TAIPEI, Taiwan – The enormous, 16-wheel truck that North Korea used to carry a missile during a recent parade likely came from China in a possible violation of U.N. sanctions meant to rein in Pyongyang's missile program, experts say.
The carrier, also believed capable of launching missiles, caught the eye of experts during last Sunday's military show in Pyongyang because it was the biggest carrier yet displayed by North Korea and gives the country — truculently at odds with the U.S., Japan and South Korea — the ability to transport long-range missiles around its territory, making them harder to locate and destroy.
The large size of the vehicle "represents a quantum leap forward" for the North Koreans, said Wendell Minnick, a reporter on Asian military developments for Defense News, a Washington-based publication.
Unlikely to have been made by North Korea because of its technical sophistication, experts said the design of the vehicle shows that China is the probable source. Pinning a sanctions-busting charge on Beijing would be difficult, however, because it would be hard to prove that Beijing provided the technology for military purposes or even that it sold the vehicle directly to North Korea, the experts said.
The vehicle also can be used in other fields, like oil exploration. At the same time North Korea might have gotten it from another country in a re-export deal.
"It's very possible there was no intended violation of sanctions by China on this piece of equipment," said arms transfer expert Pieter Wezeman of the Stockholm International Peace Research Institute.
On Thursday, China denied any wrongdoing in connection with the vehicle's appearance at the North Korean parade. Foreign Ministry spokesman Liu Weimin told a regular news conference that China is against the spread of weapons of mass destruction and carriers for such weapons. He said China follows international laws and has strict rules against the spread of such weapons.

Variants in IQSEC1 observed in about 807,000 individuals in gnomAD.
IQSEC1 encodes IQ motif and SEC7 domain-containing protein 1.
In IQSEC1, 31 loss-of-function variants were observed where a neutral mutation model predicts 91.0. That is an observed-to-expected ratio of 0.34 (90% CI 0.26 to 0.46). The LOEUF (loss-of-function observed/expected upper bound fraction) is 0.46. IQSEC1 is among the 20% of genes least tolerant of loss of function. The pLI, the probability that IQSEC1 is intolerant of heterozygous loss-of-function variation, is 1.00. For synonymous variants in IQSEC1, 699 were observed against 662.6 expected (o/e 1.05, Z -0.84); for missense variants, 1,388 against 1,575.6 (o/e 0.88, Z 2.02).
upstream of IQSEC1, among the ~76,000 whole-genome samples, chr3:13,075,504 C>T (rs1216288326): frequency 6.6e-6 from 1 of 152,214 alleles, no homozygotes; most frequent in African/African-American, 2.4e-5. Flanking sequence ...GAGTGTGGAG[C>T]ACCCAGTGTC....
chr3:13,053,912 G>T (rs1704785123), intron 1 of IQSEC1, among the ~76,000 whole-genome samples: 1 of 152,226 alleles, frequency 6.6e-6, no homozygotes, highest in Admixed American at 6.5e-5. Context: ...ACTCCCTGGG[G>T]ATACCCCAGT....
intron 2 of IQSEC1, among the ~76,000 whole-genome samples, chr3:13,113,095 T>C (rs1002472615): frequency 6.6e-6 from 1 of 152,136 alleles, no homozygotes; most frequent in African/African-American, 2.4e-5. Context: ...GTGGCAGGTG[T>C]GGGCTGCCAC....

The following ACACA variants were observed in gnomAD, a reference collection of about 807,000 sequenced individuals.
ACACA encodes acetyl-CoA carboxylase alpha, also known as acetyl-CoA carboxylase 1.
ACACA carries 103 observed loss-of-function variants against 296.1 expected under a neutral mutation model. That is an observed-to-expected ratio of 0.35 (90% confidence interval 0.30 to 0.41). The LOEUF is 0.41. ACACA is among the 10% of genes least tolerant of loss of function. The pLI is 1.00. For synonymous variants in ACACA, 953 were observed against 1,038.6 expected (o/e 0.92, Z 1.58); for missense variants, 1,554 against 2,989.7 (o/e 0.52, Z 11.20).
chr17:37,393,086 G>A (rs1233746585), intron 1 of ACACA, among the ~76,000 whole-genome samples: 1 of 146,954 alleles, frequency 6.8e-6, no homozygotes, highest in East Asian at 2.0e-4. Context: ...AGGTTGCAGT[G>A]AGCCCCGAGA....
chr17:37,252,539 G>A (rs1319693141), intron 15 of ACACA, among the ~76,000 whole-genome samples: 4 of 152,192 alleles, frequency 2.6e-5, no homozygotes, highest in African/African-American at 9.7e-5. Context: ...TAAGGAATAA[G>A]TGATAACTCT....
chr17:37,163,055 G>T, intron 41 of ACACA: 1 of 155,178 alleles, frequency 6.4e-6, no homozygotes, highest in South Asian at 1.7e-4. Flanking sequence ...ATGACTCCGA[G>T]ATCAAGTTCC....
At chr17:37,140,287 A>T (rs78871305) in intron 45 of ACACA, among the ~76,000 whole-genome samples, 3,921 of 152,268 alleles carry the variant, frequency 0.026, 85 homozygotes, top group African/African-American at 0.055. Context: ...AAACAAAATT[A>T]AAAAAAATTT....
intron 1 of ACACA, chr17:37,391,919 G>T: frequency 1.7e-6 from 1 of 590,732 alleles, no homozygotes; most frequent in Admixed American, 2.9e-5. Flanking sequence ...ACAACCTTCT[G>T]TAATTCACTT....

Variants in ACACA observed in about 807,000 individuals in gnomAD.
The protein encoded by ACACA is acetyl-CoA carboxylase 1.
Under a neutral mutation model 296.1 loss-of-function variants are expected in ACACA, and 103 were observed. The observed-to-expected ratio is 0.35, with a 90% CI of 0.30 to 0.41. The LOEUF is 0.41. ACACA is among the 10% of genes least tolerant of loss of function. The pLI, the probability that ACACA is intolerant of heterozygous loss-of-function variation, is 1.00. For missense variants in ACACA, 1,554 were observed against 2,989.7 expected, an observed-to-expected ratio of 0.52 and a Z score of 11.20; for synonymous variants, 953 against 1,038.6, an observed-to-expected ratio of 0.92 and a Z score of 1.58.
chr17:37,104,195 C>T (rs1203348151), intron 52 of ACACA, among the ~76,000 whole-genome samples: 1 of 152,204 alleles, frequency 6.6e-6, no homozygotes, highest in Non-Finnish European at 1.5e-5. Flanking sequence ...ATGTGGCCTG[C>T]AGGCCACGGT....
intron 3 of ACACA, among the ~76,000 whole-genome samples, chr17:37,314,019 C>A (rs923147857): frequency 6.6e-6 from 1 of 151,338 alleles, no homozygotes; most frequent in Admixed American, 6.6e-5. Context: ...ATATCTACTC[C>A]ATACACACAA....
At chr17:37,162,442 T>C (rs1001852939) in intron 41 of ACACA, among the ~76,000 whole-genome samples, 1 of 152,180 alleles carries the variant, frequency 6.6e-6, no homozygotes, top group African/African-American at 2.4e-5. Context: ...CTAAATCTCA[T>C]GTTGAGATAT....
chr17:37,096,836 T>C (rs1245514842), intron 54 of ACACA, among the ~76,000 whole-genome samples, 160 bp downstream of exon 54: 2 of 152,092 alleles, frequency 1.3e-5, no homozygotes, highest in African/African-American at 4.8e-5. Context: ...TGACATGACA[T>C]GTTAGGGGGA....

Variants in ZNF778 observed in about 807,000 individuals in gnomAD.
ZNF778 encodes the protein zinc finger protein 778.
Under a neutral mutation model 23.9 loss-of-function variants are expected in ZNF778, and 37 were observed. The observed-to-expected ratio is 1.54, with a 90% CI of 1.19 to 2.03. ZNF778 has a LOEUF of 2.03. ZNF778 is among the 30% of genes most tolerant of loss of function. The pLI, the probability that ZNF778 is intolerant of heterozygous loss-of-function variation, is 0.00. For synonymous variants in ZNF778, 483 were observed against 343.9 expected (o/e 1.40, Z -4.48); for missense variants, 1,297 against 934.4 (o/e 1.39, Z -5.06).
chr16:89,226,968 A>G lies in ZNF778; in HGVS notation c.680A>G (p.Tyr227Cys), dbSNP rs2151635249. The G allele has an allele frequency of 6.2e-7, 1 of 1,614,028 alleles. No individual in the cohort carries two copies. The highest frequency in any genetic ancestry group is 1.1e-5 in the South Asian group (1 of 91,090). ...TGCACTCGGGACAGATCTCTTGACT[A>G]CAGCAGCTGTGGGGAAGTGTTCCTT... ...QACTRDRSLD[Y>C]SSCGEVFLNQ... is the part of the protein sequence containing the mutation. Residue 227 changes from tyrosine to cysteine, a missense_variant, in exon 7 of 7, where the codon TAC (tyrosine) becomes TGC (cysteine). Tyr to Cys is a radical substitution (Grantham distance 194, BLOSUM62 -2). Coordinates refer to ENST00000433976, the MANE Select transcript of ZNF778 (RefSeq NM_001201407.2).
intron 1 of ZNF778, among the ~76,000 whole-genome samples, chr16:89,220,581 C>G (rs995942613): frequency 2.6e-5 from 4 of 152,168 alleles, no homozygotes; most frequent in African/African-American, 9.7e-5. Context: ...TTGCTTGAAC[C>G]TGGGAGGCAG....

U.S. State Department spokesman Mark Toner said China has provided repeated assurances that it is complying fully with U.N. Security Council resolutions sanctioning North Korea. "We take them at their word," he told a news briefing in Washington.
Analyst Ted Parsons of IHS Jane's Defence Weekly first raised the possibility that the missile-carrying vehicle came from China, citing similarities to Chinese design patterns in the windscreen, the windscreen wiper configuration, the door and handle, the grill, the front bumper lighting configurations, and the cabin steps.
"The 16-wheel TEL is apparently based on a design from the 9th Academy of the China Aerospace Science and Industry Corporation," he said.
China military analyst Richard Fisher of the International Assessment and Strategy Center in suburban Washington agreed, citing technological challenges as a major reason to believe that Pyongyang could not have developed the vehicle on its own.
"This is definitely a CASIC vehicle that was probably produced specifically for export to North Korea," Fisher said. "The North Koreans don't have the ability to make something like this themselves."